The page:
Fluoroquinolones

  • 2,319 views
Uploaded on

 

  • Full Name Full Name Comment goes here.
    Are you sure you want to
    Your message goes here
No Downloads

Views

Total Views
2,319
On Slideshare
0
From Embeds
0
Number of Embeds
1

Actions

Shares
Downloads
208
Comments
2
Likes
1

Embeds 0

No embeds

Report content

Flagged as inappropriate Flag as inappropriate
Flag as inappropriate

Select your reason for flagging this presentation as inappropriate.

Cancel
    No notes for slide

Transcript

  • 1. DR.VIJAY NAGDEV H.O. MEDICAL UNIT-I CHANDKA MEDICAL COLLEGE LARKANA
  • 2. Background
    • In 1962 nalidixic acid was discovered by George lesher during synthesis of chloroquine and was named as quinolone
    • Fluoroquinolones were derived by adding flourine atom in nalidixic acid.
  • 3.
    • Earlier quinolones were useful only for treatment of UTI.
    • Fluorinated derivatives achieve bactericidal levels in blood and tissues so they have improved antibacterial spectrum.
  • 4. MECHANISM OF ACTION
    • Fluroquinolones are bactericidal agents
    • They block bacterial DNA synthesis by inhibiting bacterial DNA gyrase and topoisomerase IV.
    • Inhibition of DNA gyrase prevents the relaxation of positively supercoiled DNA that is required for normal transcription and replication
  • 5. Cont….
    • Inhibition of topoisomeraseIV interferes with separation of replicated chromosomal DNA into the respective daughter cells during cell division.
    • They can enter cells easily via porins and are used to treat intracellular pathogens ( Legionella, pneumophila and Mycoplasma)
  • 6. RESISTANCE
    • Resistance is due to
    • one or more point mutations in the quinolone binding region of the target enzyme
    • OR to a change in the permeability of the organism
    • Resistance to one FQL confers cross resistance to all members of the class.
  • 7.
    • CLASSIFICATION
  • 8. Generations Drugs Spectrum 1 st (Quinolone) Nalidixic acid Cinoxacin Gram-ve but not Pseudomonas species 2nd Norfloxacin Ciprofloxacin Enoxacin Ofloxacin Gram- ve(including Pseudomonas species), some Gram+ (S. aureus) and some atypicals 3rd Levofloxacin Sparfloxacin Moxifloxacin Gemifloxacin Same as 2 nd generation with extended Gram+ve and atypical coverage 4th *Trovafloxacin Same as 3 rd generation with broad anaerobic coverage
  • 9. Pharmacokinectics
    • Well absorbed orally with bioavailability 80-95% almost equal to i.v.
    • Half life 3-10 hours
    • Oral absorption impaired by divalent cations(Antacids containg Mg, Ca,or AL ).
    • Most of fluoroquinolones eleminated by renal mechanism so adjustment required in patients with creatinine clearance <50 ml/min.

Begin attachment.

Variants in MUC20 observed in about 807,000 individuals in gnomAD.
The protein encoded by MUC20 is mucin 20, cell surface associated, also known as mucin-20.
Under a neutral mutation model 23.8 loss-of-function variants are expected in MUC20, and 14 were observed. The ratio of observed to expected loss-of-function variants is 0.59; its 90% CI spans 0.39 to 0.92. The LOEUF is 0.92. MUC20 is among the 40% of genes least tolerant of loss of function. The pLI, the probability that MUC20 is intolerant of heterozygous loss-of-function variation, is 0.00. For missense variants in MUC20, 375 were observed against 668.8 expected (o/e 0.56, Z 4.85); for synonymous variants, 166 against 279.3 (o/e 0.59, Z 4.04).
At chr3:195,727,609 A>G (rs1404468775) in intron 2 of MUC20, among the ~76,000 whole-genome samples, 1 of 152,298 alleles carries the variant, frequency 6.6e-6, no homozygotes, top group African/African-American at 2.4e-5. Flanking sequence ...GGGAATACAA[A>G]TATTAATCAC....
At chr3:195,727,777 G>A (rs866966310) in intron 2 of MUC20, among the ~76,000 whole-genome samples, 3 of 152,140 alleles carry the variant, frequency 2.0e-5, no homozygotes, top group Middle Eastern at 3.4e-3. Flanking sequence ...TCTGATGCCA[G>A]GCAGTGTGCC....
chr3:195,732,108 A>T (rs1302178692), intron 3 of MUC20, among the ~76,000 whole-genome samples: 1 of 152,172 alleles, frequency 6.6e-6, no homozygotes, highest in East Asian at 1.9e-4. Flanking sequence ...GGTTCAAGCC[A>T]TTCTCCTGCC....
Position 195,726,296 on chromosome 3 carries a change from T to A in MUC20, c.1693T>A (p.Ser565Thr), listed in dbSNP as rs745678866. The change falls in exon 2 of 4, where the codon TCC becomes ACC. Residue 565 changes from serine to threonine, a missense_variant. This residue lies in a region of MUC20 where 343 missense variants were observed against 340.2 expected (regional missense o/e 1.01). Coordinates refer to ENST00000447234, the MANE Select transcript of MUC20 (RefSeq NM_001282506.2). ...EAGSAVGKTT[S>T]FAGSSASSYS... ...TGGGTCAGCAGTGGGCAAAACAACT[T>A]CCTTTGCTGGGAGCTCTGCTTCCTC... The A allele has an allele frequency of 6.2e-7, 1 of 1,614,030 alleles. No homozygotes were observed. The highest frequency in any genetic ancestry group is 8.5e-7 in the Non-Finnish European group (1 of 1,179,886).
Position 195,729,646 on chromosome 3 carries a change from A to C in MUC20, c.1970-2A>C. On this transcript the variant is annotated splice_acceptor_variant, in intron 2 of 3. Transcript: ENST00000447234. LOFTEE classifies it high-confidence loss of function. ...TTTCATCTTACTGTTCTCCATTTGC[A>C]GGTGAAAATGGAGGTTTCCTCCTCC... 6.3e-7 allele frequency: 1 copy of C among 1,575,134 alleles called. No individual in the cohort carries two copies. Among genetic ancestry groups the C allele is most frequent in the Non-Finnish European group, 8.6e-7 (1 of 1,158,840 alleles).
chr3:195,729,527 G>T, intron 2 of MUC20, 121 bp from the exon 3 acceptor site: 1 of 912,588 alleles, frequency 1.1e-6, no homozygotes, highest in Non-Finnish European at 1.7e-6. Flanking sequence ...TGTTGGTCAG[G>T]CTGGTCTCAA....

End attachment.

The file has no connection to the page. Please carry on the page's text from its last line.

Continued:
• Limited CSF penetration.
  • 10. Distribution
    • [Conc] > serum:
      • Prostate tissue
      • Stool
      • Bile
      • Lung
      • Kidneys
      • Neutrophils
      • Macrophages
    • [Conc] < serum:
      • Prostatic fluid
      • Bone
      • CSF
  • 11. Drug interactions Drugs increasing levels of FQL FQL increasing the levels of : Theophyline Antidepressants NSAIDS Imipramine corticosteroids Caffene Theophyline Warfarin (INR –monitored)
  • 12.  
  • 13.  
  • 14. Adverse effects.
    • Generally safe antibiotics
    • G.I.T -nausea,vomiting,diarrhea and antibiotic associated colitis have been reported.
    • CNS -confusion,insomnia,dizziness,anxiety,and seizures(displacement of GABA from its receptors).
    • CVS -torsade de pointes,prolonged QTc interval.
    • May damage growing cartilage resulting in arthropathy(but that’s reversible so may b used in psudomonal infections in C.F where benefit outweighs the risk.)
  • 15. Cont.
    • Tendonitis and tendon rupture is rare but very serious.
    • Phototoxicity-avoid excesive sun exposure.
    • Leukopenia,eosinophilia (rare)
    • Mild elevation in transaminases (rare)
  • 16. Contraindication
    • Childrens (not absolute)
    • Pregnancy
    • Lactation
    • Epilepsy
    • QTc prolongation
  • 17.
    • Commonly used Fluoroquinolones
  • 18. Ciprofloxacin
    • 2 nd generation fluoroquinolone
    • Mainly effective against G –ve bacteria :
    • Enterobacteriacae H. influenzae M. catarrhalis
    • Campylobacter Pseudomonas N. gonorrheae
    • Intracellular pathogens
    • M. Tuberculosis Mycoplasma Chlamydia
    • Legionella Brucella
    • Not effective against G+ and anaerobes
  • 19. Clinical uses
    • 1.Urinary tract infections (G- bacteria)
    • 2. Osteomyelitis due to P. aeruginosa
    • 3. Gonorrhea
    • 4. Travellers’ diarrhea- ciprofloxacin commonly used
    • 5. Tuberculosis
    • 6. Prostatitis
    • 7. Community- acquired pneumoniae
    • 8. Diabetic foot infections ( P. aeruginosa )
    • 9.Anthrax
  • 20.
    • Usual duration is 7-14 days
    • Available forms
    • Brand name : ciproxin(bayer),cycin.
    Oral Parentral Opthalmic 100 mg 200 mg iv 3mg/ml solution 250 mg 400 mg iv 3.3mg/mg ointment 500 mg
  • 21. Levofloxacin
    • 3 rd generation fluoroquinolone
    • Spectrum: Gram-ve, Gram+ve (S. aureus including MRSA & S. pneumoniae) and Legionella pneumophila, atypical resp. pathogens,
    • Mycobacterium tuberculosis
    • Indications:
      • Chronic bronchitis and CAP
      • Nosocomial pneumonia
      • Intra-abdominal infections
  • 22. Cont.
      • Adverse reaction.
      • Blood glucose disturbances in DM patients
      • QTC prolongation, torsades de pointes, arrhythmias
      • Nausea, GI upset
      • Interstitial nephritis
  • 23.
    • Usual duration same 7-14 days
    • Available forms
    • Brand name:leflox,l-cyn,qumic
    Oral Parentral Opthalmic 100 mg 5 mg/ml iv 5mg/ml solution 250 mg 25 mg/ml iv 500mg
  • 24.